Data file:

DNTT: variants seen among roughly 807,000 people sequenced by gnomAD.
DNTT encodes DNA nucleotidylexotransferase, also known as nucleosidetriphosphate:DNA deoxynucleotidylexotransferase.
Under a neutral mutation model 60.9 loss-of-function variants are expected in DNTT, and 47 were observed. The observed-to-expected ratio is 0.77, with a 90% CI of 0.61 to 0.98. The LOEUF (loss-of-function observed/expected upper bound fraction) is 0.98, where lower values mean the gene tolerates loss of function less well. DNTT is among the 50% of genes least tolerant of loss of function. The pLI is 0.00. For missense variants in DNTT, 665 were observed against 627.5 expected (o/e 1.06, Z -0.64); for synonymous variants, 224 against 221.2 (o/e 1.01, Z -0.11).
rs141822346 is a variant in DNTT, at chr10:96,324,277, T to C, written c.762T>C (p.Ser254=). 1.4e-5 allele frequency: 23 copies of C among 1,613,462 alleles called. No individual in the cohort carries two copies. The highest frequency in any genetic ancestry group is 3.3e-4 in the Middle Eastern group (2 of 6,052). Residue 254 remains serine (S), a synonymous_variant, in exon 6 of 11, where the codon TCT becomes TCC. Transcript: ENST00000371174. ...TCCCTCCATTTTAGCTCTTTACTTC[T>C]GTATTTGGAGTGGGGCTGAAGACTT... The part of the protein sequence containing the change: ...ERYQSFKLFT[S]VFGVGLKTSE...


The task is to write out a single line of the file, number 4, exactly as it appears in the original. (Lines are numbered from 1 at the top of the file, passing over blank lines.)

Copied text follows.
rs141822346 is a variant in DNTT, at chr10:96,324,277, T to C, written c.762T>C (p.Ser254=). 1.4e-5 allele frequency: 23 copies of C among 1,613,462 alleles called. No individual in the cohort carries two copies. The highest frequency in any genetic ancestry group is 3.3e-4 in the Middle Eastern group (2 of 6,052). Residue 254 remains serine (S), a synonymous_variant, in exon 6 of 11, where the codon TCT becomes TCC. Transcript: ENST00000371174. ...TCCCTCCATTTTAGCTCTTTACTTC[T>C]GTATTTGGAGTGGGGCTGAAGACTT... The part of the protein sequence containing the change: ...ERYQSFKLFT[S]VFGVGLKTSE...